In the examples shown in FIGS. 1, 2 and 5, the entirety of the outgoing surface of the SHG element is disposed at an angle other than a right angle relative to a plane perpendicular to a longitudinal axis of the optical waveguide. Such an outgoing surface is easily formed by polishing the entire outgoing surface obliquely. FIG. 6 shows an optical waveguide device 10C having an alternative outgoing surface 38C. The outgoing surface 38C of an SHG element 17C of the optical waveguide device 10C is disposed at an angle other than a right angle relative to a plane perpendicular to a longitudinal axis of an optical waveguide 15C only at a portion corresponding to an end of the optical waveguide 15C. The optical waveguide device 10C having such an outgoing surface 38C provides similar effects as those provided by the optical waveguide devices 10, 10A and 10B.

The outgoing surface 38C is formed by, for example, a dicing method. For example, use of a blade having a surface roughness of #6000 realizes an outgoing surface which almost appears to be obtained by optical polishing. The outgoing surface 38C is obtained by making a cut-out portion having a width 38 w which is equal to or greater than a width 15 w of the optical waveguide 15C, for example, 10 μm in a flat outgoing surface of the optical waveguide device 10C. Since dicing is performed to merely about 10 μm, the surface can easily be mirror-processed, and the blade is not significantly worn out. Thus, the processing yield is satisfactorily high.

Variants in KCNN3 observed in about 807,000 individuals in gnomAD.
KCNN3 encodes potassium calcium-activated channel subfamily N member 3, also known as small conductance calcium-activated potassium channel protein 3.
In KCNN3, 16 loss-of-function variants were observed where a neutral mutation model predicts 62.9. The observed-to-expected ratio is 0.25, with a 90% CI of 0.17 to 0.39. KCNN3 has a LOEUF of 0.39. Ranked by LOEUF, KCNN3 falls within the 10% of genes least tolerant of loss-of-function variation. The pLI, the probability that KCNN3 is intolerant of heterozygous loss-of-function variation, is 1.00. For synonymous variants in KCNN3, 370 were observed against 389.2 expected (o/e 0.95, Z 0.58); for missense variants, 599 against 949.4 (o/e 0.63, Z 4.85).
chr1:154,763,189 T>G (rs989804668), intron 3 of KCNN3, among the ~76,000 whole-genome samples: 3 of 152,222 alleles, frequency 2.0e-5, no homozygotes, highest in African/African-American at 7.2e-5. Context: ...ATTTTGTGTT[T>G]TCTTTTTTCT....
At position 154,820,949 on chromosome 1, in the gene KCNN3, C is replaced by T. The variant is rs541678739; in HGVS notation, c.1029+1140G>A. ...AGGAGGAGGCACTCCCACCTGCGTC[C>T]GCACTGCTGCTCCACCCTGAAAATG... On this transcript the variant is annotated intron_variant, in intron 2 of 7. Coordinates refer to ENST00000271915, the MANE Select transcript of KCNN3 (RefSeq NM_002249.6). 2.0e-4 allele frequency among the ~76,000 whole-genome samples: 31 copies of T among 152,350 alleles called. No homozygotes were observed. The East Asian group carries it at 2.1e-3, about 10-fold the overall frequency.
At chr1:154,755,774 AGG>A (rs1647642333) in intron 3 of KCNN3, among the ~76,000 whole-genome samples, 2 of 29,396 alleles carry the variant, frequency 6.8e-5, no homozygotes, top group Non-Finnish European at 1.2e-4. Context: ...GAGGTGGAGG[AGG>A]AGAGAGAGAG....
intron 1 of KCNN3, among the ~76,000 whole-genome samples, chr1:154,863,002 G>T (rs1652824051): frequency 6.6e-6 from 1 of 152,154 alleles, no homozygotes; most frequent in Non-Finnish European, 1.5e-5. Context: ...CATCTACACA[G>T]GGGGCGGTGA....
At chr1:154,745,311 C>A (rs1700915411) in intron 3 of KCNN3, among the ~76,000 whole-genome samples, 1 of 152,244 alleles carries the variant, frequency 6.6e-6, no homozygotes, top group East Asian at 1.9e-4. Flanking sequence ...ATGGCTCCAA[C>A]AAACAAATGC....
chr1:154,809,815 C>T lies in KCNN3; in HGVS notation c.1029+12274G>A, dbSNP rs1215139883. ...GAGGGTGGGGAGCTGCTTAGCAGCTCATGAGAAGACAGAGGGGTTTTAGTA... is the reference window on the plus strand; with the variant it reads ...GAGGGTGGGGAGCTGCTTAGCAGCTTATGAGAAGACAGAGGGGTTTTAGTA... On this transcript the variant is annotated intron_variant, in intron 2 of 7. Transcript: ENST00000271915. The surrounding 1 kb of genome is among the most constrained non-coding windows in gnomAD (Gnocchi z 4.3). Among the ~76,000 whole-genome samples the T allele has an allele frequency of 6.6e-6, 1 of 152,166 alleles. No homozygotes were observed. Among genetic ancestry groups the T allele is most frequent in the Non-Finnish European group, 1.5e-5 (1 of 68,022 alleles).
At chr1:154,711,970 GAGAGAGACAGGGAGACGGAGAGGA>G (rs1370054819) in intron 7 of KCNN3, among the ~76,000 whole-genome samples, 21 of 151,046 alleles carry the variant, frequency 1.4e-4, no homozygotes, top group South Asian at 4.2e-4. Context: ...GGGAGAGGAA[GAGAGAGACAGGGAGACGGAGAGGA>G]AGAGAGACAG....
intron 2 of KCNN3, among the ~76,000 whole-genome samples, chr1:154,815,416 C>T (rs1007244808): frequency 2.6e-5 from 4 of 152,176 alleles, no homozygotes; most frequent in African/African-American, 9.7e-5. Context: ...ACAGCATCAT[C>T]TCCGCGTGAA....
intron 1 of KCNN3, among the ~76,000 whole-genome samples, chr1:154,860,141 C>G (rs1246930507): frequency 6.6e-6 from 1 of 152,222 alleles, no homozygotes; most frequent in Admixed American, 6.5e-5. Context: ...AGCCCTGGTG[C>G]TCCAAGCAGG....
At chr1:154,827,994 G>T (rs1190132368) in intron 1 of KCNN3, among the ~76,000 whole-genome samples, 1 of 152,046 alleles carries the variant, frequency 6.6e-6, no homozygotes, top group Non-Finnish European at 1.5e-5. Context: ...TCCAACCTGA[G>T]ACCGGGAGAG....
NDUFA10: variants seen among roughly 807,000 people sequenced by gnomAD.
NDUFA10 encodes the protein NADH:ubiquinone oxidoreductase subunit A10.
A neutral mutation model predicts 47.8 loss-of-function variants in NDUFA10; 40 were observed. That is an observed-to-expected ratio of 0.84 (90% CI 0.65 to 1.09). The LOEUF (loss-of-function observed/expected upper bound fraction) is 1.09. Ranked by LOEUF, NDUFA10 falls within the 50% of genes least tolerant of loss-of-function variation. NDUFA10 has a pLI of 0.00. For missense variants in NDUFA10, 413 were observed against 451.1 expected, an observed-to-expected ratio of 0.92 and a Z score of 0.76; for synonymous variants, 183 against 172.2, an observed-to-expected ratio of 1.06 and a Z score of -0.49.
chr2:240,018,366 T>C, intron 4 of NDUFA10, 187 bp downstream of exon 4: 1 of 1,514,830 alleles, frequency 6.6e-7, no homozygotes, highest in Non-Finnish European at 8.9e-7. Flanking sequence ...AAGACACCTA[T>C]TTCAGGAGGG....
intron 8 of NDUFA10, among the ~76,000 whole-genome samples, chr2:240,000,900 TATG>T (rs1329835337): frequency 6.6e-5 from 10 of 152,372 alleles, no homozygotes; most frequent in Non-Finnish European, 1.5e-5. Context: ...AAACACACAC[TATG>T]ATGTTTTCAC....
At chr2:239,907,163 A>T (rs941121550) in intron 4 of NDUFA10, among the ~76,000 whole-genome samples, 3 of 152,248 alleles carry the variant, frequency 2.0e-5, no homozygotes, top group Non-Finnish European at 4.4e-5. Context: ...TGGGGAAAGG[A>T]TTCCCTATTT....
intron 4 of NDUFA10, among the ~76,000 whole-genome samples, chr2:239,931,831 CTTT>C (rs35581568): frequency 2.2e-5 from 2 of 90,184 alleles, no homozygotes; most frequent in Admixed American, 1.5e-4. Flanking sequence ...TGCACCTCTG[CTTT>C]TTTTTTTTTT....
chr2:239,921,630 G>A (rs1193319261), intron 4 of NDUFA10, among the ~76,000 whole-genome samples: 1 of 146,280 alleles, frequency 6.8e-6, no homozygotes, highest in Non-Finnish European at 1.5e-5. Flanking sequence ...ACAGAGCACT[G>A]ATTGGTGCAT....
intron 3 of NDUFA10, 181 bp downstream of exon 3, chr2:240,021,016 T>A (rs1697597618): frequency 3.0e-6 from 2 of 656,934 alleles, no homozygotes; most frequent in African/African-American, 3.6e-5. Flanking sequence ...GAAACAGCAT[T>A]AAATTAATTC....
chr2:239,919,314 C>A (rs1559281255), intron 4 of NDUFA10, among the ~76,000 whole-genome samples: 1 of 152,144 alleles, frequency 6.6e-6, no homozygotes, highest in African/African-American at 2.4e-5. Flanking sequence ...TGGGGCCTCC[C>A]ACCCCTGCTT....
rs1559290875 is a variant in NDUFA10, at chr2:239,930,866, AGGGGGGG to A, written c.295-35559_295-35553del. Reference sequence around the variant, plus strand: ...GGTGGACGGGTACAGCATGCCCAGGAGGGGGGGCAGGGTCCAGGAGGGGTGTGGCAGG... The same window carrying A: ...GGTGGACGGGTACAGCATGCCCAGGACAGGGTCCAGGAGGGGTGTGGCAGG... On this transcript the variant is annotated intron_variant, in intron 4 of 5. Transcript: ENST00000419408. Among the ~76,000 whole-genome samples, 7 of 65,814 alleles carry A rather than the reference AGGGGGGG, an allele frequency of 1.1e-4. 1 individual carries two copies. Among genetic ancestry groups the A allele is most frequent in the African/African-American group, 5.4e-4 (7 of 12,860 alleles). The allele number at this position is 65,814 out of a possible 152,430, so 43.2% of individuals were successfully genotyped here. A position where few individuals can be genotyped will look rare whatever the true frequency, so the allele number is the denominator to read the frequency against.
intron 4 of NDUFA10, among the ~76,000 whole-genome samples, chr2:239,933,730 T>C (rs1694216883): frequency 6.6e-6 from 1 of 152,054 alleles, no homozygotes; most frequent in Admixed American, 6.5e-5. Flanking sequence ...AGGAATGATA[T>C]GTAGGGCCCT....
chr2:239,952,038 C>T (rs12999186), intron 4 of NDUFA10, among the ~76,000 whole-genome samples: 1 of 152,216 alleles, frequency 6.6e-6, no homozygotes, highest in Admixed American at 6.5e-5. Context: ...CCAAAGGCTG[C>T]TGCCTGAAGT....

In the first example, optical waveguide devices each having an outgoing surface which is disposed at an angle other than a right angle relative to a plane perpendicular to a longitudinal axis of the optical waveguide are described. Such a structure reduces the interference noise caused by the influence of the outgoing light from the optical waveguide and the light returning from the pickup optical system and reflected by the outgoing surface. Although such a structure is sufficient to reduce the interference noise, a reflection by an incident surface of the optical waveguide device needs to be considered in order to more completely reduce the interference noise.

As indicated by dashed line 33R in FIG. 1, the returning light 31 from the pickup optical system 103 is partially incident on the optical waveguide 15 and reflected by an incident surface 39 of the SHG element 17 to be a reflected waveguide component 33. The reflected waveguide component 33 goes out from the outgoing surface 38. The reflected waveguide component 33 cannot be removed by forming the outgoing surface 38 obliquely with respect to the optical waveguide 15 and causes noise as a result of interfering with the outgoing light 30.

Example 2

In a second example according to the present invention, an exemplary optical waveguide device 10D shown in FIG. 7 for preventing or substantially inhibiting the reflection by an incident surface 39D of an SHG element 17D of the optical waveguide device 10D will be described. The incident surface 39D is disposed at an angle other than a right angle with respect to a plane perpendicular to a longitudinal axis of an optical waveguide 15D as well as an outgoing surface 38D of the SHG element 17D. In this specification, such a positional relationship between the incident surface and the optical waveguide may also be represented as being oblique with respect to the optical waveguide.

Although not shown in the drawings, the incident surface 39D can be disposed at an angle other than a right angle relative to a plane perpendicular to the longitudinal axis A of the optical waveguide 15D only at a portion corresponding to an end of the optical waveguide 15D, such as was described, for example, with respect to the outgoing surface of the example of FIG. 6. Such a structure provides similar effects as those provided by the optical waveguide device 10D.